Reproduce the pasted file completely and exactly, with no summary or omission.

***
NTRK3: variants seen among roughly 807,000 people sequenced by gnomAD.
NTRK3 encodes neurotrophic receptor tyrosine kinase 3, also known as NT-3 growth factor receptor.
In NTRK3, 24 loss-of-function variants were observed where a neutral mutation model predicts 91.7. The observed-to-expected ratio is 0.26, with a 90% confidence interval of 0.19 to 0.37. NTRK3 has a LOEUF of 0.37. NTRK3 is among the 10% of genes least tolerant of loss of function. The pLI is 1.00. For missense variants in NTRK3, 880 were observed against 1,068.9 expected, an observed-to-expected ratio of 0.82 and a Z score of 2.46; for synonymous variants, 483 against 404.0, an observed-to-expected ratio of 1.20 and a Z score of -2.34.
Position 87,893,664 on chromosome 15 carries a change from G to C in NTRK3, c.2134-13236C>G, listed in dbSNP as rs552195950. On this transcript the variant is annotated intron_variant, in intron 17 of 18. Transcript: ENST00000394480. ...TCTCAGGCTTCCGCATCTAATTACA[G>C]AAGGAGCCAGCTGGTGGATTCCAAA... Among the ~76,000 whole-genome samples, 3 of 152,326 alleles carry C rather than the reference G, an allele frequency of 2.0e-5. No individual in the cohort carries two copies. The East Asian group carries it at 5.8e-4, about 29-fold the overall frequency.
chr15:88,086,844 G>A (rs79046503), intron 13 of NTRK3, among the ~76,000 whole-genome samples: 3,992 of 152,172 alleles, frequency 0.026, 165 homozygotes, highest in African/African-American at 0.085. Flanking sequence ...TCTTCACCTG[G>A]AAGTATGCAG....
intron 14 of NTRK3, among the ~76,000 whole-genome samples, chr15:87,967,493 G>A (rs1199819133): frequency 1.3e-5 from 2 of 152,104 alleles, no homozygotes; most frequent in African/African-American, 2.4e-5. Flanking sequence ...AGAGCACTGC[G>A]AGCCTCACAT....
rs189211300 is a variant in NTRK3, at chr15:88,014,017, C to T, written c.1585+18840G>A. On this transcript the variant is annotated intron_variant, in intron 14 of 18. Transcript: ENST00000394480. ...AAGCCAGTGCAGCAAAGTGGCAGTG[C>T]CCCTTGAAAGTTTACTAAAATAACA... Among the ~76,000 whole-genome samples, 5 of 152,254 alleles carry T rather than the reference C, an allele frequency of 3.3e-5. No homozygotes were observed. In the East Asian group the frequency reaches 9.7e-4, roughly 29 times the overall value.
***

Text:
NTRK3: variants seen among roughly 807,000 people sequenced by gnomAD.
NTRK3 encodes neurotrophic receptor tyrosine kinase 3, also known as NT-3 growth factor receptor.
In NTRK3, 24 loss-of-function variants were observed where a neutral mutation model predicts 91.7. The observed-to-expected ratio is 0.26, with a 90% confidence interval of 0.19 to 0.37. NTRK3 has a LOEUF of 0.37. NTRK3 is among the 10% of genes least tolerant of loss of function. The pLI is 1.00. For missense variants in NTRK3, 880 were observed against 1,068.9 expected, an observed-to-expected ratio of 0.82 and a Z score of 2.46; for synonymous variants, 483 against 404.0, an observed-to-expected ratio of 1.20 and a Z score of -2.34.
Position 87,893,664 on chromosome 15 carries a change from G to C in NTRK3, c.2134-13236C>G, listed in dbSNP as rs552195950. On this transcript the variant is annotated intron_variant, in intron 17 of 18. Transcript: ENST00000394480. ...TCTCAGGCTTCCGCATCTAATTACA[G>C]AAGGAGCCAGCTGGTGGATTCCAAA... Among the ~76,000 whole-genome samples, 3 of 152,326 alleles carry C rather than the reference G, an allele frequency of 2.0e-5. No individual in the cohort carries two copies. The East Asian group carries it at 5.8e-4, about 29-fold the overall frequency.
chr15:88,086,844 G>A (rs79046503), intron 13 of NTRK3, among the ~76,000 whole-genome samples: 3,992 of 152,172 alleles, frequency 0.026, 165 homozygotes, highest in African/African-American at 0.085. Flanking sequence ...TCTTCACCTG[G>A]AAGTATGCAG....
intron 14 of NTRK3, among the ~76,000 whole-genome samples, chr15:87,967,493 G>A (rs1199819133): frequency 1.3e-5 from 2 of 152,104 alleles, no homozygotes; most frequent in African/African-American, 2.4e-5. Flanking sequence ...AGAGCACTGC[G>A]AGCCTCACAT....
rs189211300 is a variant in NTRK3, at chr15:88,014,017, C to T, written c.1585+18840G>A. On this transcript the variant is annotated intron_variant, in intron 14 of 18. Transcript: ENST00000394480. ...AAGCCAGTGCAGCAAAGTGGCAGTG[C>T]CCCTTGAAAGTTTACTAAAATAACA... Among the ~76,000 whole-genome samples, 5 of 152,254 alleles carry T rather than the reference C, an allele frequency of 3.3e-5. No homozygotes were observed. In the East Asian group the frequency reaches 9.7e-4, roughly 29 times the overall value.